Small British towns periodically become international trading centres when it comes to art and antiques.
This was ably illustrated in the Cumbrian market town of Cockermouth in late November when auctioneers Mitchells (20% buyer’s premium) dispersed 2000 lots across a three-day sale. Sought-after material – and the buyers – emerged from across the northern hemisphere.
The star lot was from China: a porcelain plate dated 1947 providing further evidence of the demand for the best artist-decorated Republican material.
Entered into the November 28-30 sale by a local Barrow vendor, the 8½in (22cm) diameter plate depicting a young woman on a balcony was inscribed with a poem and two red seal marks.
It was given what the auctioneers described as a ‘conservative’ estimate of £80-120 but expert opinion was that the inscription revealed the artist to be Wang Dafan (1888-1961), a member of the famous group of porcelain painters known as the Eight Friends of Zhushan. He was particularly known for his figure painting.
A sufficient number of bidders had found it and the plate sold to a Chinese agent acting for a collector with a bid of £17,500. Even with premium and VAT adding a further £4200, it was not considered by trade specialists to be over-priced.
The sale also included a private collection of some 50 lots of Chinese and Vietnamese propaganda dating from the 1966-76 Chinese Cultural Revolution.
A particularly eye-catching item was a porcelain figurine of a man and woman astride a rocket representing industry and agriculture.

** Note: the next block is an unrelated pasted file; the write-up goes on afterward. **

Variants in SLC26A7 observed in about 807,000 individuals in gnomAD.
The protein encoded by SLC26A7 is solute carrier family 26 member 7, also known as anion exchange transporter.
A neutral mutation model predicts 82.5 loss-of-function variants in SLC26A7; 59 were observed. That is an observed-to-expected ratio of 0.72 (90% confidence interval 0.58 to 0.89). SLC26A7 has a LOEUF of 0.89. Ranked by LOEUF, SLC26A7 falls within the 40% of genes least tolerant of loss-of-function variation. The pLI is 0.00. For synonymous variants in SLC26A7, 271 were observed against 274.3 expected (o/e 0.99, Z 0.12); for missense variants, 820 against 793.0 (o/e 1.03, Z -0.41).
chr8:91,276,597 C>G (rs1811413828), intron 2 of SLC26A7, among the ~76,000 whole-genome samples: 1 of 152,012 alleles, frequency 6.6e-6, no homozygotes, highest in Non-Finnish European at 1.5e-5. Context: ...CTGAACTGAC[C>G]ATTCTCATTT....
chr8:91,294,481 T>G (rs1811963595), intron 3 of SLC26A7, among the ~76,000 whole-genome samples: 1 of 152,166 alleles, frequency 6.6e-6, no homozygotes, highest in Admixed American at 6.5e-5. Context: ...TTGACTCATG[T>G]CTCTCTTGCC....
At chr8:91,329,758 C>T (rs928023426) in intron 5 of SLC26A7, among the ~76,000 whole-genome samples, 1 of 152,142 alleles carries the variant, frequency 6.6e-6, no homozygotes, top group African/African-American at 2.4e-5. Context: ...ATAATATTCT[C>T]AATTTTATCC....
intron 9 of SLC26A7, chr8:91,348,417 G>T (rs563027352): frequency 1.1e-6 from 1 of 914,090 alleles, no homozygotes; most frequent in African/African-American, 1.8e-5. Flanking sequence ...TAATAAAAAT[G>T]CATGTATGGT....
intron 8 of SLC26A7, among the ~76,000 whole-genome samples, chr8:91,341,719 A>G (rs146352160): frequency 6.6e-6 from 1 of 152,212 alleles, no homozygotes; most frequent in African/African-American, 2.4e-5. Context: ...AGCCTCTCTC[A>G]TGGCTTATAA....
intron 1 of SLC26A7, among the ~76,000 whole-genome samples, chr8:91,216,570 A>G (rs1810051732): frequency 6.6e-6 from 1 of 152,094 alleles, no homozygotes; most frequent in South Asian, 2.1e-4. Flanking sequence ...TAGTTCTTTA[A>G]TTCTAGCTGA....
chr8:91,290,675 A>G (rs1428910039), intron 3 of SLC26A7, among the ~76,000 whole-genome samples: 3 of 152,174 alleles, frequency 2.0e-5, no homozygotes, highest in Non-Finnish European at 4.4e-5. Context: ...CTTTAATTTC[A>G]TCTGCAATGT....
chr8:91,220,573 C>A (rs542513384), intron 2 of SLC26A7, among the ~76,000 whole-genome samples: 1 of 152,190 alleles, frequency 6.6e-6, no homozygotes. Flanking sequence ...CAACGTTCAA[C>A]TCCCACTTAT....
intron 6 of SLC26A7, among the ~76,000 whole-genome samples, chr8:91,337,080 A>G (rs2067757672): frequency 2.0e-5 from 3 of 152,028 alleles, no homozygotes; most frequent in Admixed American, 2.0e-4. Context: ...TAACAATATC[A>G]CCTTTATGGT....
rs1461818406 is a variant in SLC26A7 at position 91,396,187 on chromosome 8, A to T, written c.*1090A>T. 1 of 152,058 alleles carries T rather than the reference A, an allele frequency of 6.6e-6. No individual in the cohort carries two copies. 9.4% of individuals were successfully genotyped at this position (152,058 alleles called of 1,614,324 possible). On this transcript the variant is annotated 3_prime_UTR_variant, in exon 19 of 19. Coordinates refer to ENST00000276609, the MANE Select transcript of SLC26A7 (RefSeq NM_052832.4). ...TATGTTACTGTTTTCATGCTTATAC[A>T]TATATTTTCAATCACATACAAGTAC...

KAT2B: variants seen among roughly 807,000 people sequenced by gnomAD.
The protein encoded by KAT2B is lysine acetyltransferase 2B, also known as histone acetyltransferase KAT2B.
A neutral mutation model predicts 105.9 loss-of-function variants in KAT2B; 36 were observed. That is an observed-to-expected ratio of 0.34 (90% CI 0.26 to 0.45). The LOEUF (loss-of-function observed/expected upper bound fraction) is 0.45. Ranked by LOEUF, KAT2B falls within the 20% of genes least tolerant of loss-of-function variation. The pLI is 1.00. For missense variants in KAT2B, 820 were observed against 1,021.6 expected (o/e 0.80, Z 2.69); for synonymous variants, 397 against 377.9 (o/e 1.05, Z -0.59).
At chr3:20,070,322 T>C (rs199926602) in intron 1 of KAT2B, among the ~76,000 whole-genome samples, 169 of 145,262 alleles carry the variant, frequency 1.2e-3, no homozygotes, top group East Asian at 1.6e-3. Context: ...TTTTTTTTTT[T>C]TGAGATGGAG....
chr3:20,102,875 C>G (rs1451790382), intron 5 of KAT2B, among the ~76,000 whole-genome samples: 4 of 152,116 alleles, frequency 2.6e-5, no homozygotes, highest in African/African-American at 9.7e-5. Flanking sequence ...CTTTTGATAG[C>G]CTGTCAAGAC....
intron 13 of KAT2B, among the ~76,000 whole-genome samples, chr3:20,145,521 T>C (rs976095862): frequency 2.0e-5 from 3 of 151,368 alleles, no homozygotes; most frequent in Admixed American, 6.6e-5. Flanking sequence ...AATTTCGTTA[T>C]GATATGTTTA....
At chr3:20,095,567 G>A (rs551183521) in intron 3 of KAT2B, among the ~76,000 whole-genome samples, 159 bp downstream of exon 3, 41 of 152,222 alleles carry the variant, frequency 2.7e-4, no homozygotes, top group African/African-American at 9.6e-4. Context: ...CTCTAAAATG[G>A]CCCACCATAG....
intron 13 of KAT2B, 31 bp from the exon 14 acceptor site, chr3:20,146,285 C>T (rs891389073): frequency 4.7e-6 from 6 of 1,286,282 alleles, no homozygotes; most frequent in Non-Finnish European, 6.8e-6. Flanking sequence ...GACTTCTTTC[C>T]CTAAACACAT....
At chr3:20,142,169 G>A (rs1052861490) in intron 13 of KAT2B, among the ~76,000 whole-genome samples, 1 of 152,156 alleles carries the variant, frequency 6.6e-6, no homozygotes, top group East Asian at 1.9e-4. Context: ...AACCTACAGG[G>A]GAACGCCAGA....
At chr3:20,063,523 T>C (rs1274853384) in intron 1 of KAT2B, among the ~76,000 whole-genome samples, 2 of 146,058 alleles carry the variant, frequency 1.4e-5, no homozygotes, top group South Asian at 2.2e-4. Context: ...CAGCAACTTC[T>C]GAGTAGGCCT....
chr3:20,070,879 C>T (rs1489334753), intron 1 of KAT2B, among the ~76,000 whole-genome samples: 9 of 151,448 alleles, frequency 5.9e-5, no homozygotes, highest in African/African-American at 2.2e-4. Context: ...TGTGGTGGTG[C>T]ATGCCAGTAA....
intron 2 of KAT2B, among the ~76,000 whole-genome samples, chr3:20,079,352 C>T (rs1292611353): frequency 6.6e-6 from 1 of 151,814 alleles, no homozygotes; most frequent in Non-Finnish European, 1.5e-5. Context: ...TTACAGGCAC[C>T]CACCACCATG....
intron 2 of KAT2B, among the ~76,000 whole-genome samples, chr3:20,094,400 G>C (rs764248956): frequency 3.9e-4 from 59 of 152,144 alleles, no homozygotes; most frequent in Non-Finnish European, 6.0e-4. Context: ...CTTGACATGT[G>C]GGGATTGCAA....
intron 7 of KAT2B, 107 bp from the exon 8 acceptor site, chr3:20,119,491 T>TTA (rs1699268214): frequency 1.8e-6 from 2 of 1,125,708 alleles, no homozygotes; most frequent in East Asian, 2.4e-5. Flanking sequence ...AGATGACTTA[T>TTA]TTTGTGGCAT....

Painted to the banner Surpassing Great Britain and catching up United States and inscribed to the base Long live the main direction, the 14½in (37cm) high figure had minor condition problems but it more than doubled the top estimate at £460.
Estimates on European material more accurately reflected the tougher retail climate. Among the contents of a lakeside house at Windermere consigned to Mitchells was a French Empire giltwood and upholstered suite – a pair of fauteuils and four side chairs – each stamped P Marcion and TH for Pierre Benoit Marcion (1769- 1840), an ebeniste who supplied Napoleon’s furniture.
They came with a copy receipt dated May 2000 from dealer Mallett. This recorded that the suite, with a provenance to the Pailaise des Tuileries, had been sold ‘at a discounted purchase price’ of £74,765. At Cockermouth it was estimated at £15,000-25,000 and sold at the lower figure to a dealer in the room acting for a client.
A medieval north Italian icon depicting the Madonna and Child, in tempera on a gold ground panel in an integral 23in (59cm) gabled frame, had been bought from London dealer Richard Philip for £17,500 in 2002.
Catalogued as School of The Marches (c.1300-20), it was estimated at £5000-8000 and sold to an Italian buyer at £8500.
An 18th century, probably Dutch, tin-glazed earthenware birdcage was a real eye-catcher.
Around 22in (56cm) high and decorated to the double-dome top with three bands of stylised acanthus leaf above an armorial shield, it went a shade below estimate at £2300 – about a third of the price paid at Oxfordshire dealership Lucy Johnson in 1995.
On the upside, other areas of collecting have become considerably pricier these past couple of decades.
Completing the world tour at Cockermouth was a North American Arctic work – an Inuit carved serpentine model of a standing bird.
From the early to mid-20th century, the 8in (20cm) carving came to Mitchells in a box of items destined for a weekly household sale but its potential was spotted by auctioneer Richard Harrison and put into the fine art event.
A full catalogue description triggered international online bidding and, against a here-to-sell £50-100 estimate, it sold to a Canadian buyer at £3200.